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Make a mountain out of every molehill. Roll up
dirt the way a kid gathers snow around itself
to make a man, but skip the coal, coal in mountains
a major reason molehills must make do,
or if you’re the mittened kid, don’t make your man
look fixedly at what happens to our summits.
That’s the problem this poem can’t work around:
the reduction of mountains to molehills
is itself the mountain that mining interests
don’t want us making of the molehills they make
of mountaintop removal and strip mines
making molehills of coal burning into mountains.
Forget the last five lines. Go outside and build
a honeycomb of chicken wire to hold up
piles of earth and stone. Remember the nothing
poems make happen. Holes in the ground out back
need filling, so fill them with the bones of moles
but not actual bones, only plaster casts
of bones strapped together and displayed in rooms
filled with natural-feeling light, with windows
facing views of hills they still call mountains.
Recycle this page by crumpling it, squeezed
like snow between mittens. Toss it on the heap.
If reading on a screen, leave it open and be
certain the screensaver cycles through landscapes
taken on your drive through a national park.
Don’t go to national parks that require flights.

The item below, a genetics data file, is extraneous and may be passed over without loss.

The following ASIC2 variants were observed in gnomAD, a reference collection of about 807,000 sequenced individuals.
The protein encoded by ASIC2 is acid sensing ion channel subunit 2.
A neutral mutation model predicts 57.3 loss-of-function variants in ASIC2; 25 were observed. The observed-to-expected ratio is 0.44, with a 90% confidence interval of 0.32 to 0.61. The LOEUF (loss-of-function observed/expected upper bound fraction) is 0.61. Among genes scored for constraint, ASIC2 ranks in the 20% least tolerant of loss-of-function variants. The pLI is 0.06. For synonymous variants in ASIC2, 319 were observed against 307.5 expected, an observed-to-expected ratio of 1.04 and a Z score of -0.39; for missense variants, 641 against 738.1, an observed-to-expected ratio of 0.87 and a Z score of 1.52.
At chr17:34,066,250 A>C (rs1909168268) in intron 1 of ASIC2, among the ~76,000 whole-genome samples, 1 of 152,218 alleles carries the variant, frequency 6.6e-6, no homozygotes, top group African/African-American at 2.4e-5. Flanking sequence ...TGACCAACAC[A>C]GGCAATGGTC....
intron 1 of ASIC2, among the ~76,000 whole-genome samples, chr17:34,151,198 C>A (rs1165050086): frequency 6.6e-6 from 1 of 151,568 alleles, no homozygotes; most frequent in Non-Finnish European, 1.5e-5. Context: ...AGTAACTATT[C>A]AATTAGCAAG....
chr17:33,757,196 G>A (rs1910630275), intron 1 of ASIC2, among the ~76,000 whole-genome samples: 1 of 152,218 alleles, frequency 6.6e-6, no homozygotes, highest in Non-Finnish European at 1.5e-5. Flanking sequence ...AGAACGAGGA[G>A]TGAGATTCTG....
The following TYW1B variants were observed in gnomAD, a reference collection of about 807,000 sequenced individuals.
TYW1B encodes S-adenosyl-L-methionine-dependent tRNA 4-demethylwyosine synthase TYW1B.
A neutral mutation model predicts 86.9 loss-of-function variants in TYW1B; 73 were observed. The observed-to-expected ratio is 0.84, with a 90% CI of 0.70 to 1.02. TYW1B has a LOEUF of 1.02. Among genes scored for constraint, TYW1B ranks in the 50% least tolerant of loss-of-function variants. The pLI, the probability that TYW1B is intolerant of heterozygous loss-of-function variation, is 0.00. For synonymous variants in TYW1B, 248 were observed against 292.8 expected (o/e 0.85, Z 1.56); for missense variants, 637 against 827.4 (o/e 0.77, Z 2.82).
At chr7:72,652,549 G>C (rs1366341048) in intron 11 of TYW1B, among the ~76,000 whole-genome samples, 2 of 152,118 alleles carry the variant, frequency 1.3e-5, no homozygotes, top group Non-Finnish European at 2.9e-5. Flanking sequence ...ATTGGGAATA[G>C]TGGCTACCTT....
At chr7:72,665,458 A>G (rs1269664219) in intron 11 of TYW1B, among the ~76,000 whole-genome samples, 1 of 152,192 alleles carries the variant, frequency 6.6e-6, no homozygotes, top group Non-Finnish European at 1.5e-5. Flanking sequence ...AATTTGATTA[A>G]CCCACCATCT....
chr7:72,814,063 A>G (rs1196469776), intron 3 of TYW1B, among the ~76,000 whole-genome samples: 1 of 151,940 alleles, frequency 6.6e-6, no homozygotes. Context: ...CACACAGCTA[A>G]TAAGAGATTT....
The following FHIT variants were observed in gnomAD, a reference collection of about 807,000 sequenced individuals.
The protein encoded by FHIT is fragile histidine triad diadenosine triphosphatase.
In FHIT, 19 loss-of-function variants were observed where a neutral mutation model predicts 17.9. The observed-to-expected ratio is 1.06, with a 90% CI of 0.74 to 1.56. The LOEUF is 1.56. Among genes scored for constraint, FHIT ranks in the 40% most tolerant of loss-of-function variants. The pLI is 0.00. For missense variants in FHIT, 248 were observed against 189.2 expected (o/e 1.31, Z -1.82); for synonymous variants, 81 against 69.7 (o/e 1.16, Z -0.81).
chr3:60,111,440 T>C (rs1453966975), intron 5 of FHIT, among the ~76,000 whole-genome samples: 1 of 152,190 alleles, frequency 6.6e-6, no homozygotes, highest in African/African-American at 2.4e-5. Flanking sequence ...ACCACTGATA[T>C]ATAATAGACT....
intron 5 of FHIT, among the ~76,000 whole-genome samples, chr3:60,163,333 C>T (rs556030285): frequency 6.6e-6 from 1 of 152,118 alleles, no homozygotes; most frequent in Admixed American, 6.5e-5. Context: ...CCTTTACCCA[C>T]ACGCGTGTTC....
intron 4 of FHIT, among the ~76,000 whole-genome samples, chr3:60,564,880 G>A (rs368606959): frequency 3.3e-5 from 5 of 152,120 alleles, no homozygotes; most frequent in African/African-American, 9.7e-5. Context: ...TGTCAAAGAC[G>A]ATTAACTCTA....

Don’t go if it’s a lengthy drive. Ride a bike.
Better yet don’t go to national parks. Park
yourself at home and get back to the mountains
you should be making. A thimbleful of tears
binds together turned soil and adds a touch
of metaphor to poems you’ll have to write
about your molehill mountain, but skip the tears
if there’s seafood in your diet—even a trace
of mercury might cause your claim to be jumped.
Skip the poem. Before getting started, secure
the mineral rights to every molehill in sight.
Gather earth around yourself. A mountain
above you, wait in the dark for frost, for snow.
Brian Simoneau is the author of River Bound (C&R Press, 2014). His poems have appeared or are forthcoming in The Cincinnati Review, The Georgia Review, Mid-American Review, Poet Lore, RHINO, Southern Indiana Review, and other journals. He lives in Connecticut with his family.
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